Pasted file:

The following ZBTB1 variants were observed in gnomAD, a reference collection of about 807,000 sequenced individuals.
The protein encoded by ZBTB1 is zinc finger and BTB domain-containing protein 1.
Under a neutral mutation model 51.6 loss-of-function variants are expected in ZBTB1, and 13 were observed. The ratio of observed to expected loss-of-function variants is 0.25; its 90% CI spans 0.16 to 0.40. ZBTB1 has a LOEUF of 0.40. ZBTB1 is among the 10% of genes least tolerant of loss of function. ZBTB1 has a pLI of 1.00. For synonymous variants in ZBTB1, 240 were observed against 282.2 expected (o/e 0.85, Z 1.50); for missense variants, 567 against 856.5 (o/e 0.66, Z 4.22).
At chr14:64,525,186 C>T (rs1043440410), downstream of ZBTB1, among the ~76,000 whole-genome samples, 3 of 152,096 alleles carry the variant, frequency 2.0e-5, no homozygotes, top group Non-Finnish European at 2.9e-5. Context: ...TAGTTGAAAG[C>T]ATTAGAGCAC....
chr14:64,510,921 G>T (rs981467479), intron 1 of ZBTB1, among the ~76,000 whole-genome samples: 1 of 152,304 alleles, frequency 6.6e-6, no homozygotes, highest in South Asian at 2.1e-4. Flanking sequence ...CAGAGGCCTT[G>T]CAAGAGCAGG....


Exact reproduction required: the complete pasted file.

The following ZBTB1 variants were observed in gnomAD, a reference collection of about 807,000 sequenced individuals.
The protein encoded by ZBTB1 is zinc finger and BTB domain-containing protein 1.
Under a neutral mutation model 51.6 loss-of-function variants are expected in ZBTB1, and 13 were observed. The ratio of observed to expected loss-of-function variants is 0.25; its 90% CI spans 0.16 to 0.40. ZBTB1 has a LOEUF of 0.40. ZBTB1 is among the 10% of genes least tolerant of loss of function. ZBTB1 has a pLI of 1.00. For synonymous variants in ZBTB1, 240 were observed against 282.2 expected (o/e 0.85, Z 1.50); for missense variants, 567 against 856.5 (o/e 0.66, Z 4.22).
At chr14:64,525,186 C>T (rs1043440410), downstream of ZBTB1, among the ~76,000 whole-genome samples, 3 of 152,096 alleles carry the variant, frequency 2.0e-5, no homozygotes, top group Non-Finnish European at 2.9e-5. Context: ...TAGTTGAAAG[C>T]ATTAGAGCAC....
chr14:64,510,921 G>T (rs981467479), intron 1 of ZBTB1, among the ~76,000 whole-genome samples: 1 of 152,304 alleles, frequency 6.6e-6, no homozygotes, highest in South Asian at 2.1e-4. Flanking sequence ...CAGAGGCCTT[G>T]CAAGAGCAGG....